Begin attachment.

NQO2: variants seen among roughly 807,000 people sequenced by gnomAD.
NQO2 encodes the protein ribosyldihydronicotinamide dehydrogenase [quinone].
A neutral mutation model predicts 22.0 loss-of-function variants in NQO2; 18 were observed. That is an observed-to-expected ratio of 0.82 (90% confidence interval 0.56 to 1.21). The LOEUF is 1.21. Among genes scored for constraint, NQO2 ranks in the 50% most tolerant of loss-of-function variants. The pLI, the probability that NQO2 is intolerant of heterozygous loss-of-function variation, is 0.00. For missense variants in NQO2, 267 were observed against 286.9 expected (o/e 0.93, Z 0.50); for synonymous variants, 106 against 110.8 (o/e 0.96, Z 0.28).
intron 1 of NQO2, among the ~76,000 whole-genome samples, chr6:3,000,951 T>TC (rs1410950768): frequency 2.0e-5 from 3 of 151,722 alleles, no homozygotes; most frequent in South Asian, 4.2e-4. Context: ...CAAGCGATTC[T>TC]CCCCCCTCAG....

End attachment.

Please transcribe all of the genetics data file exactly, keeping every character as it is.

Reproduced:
NQO2: variants seen among roughly 807,000 people sequenced by gnomAD.
NQO2 encodes the protein ribosyldihydronicotinamide dehydrogenase [quinone].
A neutral mutation model predicts 22.0 loss-of-function variants in NQO2; 18 were observed. That is an observed-to-expected ratio of 0.82 (90% confidence interval 0.56 to 1.21). The LOEUF is 1.21. Among genes scored for constraint, NQO2 ranks in the 50% most tolerant of loss-of-function variants. The pLI, the probability that NQO2 is intolerant of heterozygous loss-of-function variation, is 0.00. For missense variants in NQO2, 267 were observed against 286.9 expected (o/e 0.93, Z 0.50); for synonymous variants, 106 against 110.8 (o/e 0.96, Z 0.28).
intron 1 of NQO2, among the ~76,000 whole-genome samples, chr6:3,000,951 T>TC (rs1410950768): frequency 2.0e-5 from 3 of 151,722 alleles, no homozygotes; most frequent in South Asian, 4.2e-4. Context: ...CAAGCGATTC[T>TC]CCCCCCTCAG....